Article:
HARRISBURG (KDKA) — Texting while driving is an absolute no-no in Pennsylvania.
But up until now, drivers have been allowed to talk on cell phones.READ MORE: Former Derry Mayor Accused Of Pulling Gun On Teens Acquitted Of All Charges
That may not last much longer.
“We have a tremendous amount of cell phone use that is happening in the car, behind the wheel,” PA Rep. Rosemary Brown, a Monroe County Republican, told KDKA political editor Jon Delano on Thursday.
Brown’s bill to ban hand-held cell phone use by drivers passed the state House of Representatives, an action already taken by 20 other states.
“We have been legislatively behind in our efforts as a state,” said Brown.
Under her bill, drivers could use cell phones for GPS or to plug into a Bluetooth system, and they could use the speaker on their phone as long as they don’t touch the phone while driving.
“Keep two hands on the wheel, two eyes on the road, and your mind on the task as much as possible,” Brown said.
PA Rep. Josh Kail, a Beaver Republican, was one of 70 representatives who voted ‘no.’READ MORE: Pennsylvania Lawmaker Chris Sainato Defends $1.8 Million In Taxpayer-Paid Expenses
“I just think the law was just a little bit too intrusive,” said Kail.
Kail said there’s a lot of reasons a driver needs the phone, like getting lost or in emergencies.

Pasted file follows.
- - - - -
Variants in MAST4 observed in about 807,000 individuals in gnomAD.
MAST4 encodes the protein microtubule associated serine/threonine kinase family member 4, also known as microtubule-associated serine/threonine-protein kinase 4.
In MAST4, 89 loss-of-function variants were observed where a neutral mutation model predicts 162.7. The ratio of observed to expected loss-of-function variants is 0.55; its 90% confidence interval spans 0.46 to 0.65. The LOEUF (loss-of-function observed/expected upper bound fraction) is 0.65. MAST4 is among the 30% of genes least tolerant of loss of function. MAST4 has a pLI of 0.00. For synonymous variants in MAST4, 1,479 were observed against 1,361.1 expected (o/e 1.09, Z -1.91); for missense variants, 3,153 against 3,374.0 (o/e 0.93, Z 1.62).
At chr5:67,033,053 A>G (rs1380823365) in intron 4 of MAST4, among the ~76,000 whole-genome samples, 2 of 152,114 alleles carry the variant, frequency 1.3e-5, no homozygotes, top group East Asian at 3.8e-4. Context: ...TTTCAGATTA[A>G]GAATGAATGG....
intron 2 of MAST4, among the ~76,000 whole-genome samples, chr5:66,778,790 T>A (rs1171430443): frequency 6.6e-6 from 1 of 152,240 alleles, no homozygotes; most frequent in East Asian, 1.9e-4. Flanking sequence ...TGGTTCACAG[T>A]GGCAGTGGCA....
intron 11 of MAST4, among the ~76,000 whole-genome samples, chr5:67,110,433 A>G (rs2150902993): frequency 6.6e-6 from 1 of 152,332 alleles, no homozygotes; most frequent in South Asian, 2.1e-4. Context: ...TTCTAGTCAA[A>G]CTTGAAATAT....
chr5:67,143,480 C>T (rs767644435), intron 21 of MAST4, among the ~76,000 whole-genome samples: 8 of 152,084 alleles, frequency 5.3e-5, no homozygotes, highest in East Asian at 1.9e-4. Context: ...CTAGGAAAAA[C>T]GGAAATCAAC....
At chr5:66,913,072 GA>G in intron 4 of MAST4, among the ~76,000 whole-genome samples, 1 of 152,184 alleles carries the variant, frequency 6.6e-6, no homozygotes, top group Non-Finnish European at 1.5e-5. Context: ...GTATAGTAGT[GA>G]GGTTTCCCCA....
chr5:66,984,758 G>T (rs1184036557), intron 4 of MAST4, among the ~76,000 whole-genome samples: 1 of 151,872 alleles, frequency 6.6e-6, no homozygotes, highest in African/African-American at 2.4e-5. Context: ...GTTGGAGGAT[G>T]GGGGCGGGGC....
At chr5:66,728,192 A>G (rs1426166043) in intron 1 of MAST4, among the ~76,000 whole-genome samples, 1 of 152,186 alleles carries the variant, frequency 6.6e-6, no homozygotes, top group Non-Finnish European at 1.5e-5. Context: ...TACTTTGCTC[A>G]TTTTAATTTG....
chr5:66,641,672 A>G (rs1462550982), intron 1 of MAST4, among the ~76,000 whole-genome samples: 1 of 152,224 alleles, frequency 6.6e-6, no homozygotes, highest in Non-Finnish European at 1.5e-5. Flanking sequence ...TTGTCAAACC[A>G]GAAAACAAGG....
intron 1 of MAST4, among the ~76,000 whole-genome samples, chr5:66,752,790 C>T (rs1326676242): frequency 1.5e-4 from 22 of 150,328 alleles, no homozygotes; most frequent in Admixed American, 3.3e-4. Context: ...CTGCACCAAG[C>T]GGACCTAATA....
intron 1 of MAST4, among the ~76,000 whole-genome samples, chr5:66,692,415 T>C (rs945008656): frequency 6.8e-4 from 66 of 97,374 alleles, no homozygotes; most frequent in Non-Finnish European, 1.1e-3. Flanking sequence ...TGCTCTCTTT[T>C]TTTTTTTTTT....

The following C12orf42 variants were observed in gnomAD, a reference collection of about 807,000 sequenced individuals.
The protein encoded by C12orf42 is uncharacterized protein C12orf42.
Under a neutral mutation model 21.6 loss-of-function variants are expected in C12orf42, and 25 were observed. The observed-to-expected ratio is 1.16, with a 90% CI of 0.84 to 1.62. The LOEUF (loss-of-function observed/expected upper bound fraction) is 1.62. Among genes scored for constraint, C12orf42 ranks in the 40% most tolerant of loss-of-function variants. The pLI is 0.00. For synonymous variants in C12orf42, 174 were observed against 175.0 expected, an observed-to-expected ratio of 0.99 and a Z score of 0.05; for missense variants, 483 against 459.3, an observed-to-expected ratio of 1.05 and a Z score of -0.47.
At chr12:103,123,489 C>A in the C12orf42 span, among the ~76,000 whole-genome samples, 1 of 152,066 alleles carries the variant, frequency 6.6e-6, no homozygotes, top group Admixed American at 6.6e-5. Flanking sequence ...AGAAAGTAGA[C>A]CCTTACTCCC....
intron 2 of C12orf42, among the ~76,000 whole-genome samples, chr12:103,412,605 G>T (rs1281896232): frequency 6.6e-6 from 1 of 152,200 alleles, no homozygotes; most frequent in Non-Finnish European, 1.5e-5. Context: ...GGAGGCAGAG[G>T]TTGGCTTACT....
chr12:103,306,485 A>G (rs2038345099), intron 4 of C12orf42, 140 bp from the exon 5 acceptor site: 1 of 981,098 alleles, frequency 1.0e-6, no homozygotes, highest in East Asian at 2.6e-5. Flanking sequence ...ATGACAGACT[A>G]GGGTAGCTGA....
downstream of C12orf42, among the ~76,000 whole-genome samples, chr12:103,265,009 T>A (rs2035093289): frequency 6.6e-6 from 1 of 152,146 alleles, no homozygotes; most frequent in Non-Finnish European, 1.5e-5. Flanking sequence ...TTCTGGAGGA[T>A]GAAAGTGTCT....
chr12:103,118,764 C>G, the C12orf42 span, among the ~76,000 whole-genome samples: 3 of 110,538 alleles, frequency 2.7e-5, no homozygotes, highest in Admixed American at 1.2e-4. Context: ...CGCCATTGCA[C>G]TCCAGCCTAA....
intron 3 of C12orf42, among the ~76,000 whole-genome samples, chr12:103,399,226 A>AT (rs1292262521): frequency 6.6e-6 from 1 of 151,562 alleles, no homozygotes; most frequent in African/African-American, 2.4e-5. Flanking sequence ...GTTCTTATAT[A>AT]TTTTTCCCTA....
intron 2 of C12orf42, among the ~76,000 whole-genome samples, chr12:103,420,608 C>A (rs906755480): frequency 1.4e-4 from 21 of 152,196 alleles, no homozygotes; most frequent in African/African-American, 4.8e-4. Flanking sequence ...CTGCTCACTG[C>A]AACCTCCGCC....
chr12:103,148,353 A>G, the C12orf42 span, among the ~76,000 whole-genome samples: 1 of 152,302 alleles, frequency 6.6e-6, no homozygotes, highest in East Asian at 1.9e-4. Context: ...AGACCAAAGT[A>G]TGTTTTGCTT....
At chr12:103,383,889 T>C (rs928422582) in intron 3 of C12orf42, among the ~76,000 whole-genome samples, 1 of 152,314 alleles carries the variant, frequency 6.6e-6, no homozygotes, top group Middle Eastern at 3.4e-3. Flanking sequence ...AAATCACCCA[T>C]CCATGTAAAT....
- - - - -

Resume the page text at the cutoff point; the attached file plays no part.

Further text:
Opponents did manage to make use of a cell phone while driving a secondary offense, which, Kail says, “means that you cannot be pulled over for talking on the phone. But if you are pulled over for some other reason and you were talking on the phone, it can be tacked on, very similar to the seat belt rule.”
The vote on the bill split across party lines, with Republicans and Democrats both voting for and against it.
And some of those who voted against it told KDKA they just thought the bill was too weak.
“This was a step back from current law in Pennsylvania,” PA Rep. Adam Ravenstahl, a Brighton Heights Democrat, told KDKA’s Jon Delano.
The bill not only made cell phone talking a secondary offense, but it also reduced the penalty for texting while driving from a primary to a secondary offense.
“When you’re driving, I don’t think you should be doing anything, quite honestly, whether it be talking or be texting,” said Ravenstahl.MORE NEWS: Fine-Dining Steakhouse To Return To Downtown Pittsburgh's Union Trust Building
The bill now goes to the state Senate.